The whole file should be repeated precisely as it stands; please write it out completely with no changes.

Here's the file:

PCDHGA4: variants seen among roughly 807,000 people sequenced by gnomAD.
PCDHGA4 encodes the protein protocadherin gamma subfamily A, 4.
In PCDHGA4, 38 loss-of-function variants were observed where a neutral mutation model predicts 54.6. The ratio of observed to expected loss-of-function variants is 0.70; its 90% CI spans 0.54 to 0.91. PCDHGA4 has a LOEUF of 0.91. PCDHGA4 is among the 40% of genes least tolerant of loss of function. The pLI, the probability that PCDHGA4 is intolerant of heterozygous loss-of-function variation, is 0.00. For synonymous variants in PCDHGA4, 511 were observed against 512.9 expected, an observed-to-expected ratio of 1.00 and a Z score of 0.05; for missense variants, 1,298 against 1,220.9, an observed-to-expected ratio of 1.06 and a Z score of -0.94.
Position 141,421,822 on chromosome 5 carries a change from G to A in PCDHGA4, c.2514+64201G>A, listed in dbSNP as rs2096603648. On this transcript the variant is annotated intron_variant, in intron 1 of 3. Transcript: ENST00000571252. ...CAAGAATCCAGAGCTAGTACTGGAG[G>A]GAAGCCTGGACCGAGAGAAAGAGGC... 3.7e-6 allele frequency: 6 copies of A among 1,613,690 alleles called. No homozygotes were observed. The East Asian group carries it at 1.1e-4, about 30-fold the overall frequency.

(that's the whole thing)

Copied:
PCDHGA4: variants seen among roughly 807,000 people sequenced by gnomAD.
PCDHGA4 encodes the protein protocadherin gamma subfamily A, 4.
In PCDHGA4, 38 loss-of-function variants were observed where a neutral mutation model predicts 54.6. The ratio of observed to expected loss-of-function variants is 0.70; its 90% CI spans 0.54 to 0.91. PCDHGA4 has a LOEUF of 0.91. PCDHGA4 is among the 40% of genes least tolerant of loss of function. The pLI, the probability that PCDHGA4 is intolerant of heterozygous loss-of-function variation, is 0.00. For synonymous variants in PCDHGA4, 511 were observed against 512.9 expected, an observed-to-expected ratio of 1.00 and a Z score of 0.05; for missense variants, 1,298 against 1,220.9, an observed-to-expected ratio of 1.06 and a Z score of -0.94.
Position 141,421,822 on chromosome 5 carries a change from G to A in PCDHGA4, c.2514+64201G>A, listed in dbSNP as rs2096603648. On this transcript the variant is annotated intron_variant, in intron 1 of 3. Transcript: ENST00000571252. ...CAAGAATCCAGAGCTAGTACTGGAG[G>A]GAAGCCTGGACCGAGAGAAAGAGGC... 3.7e-6 allele frequency: 6 copies of A among 1,613,690 alleles called. No homozygotes were observed. The East Asian group carries it at 1.1e-4, about 30-fold the overall frequency.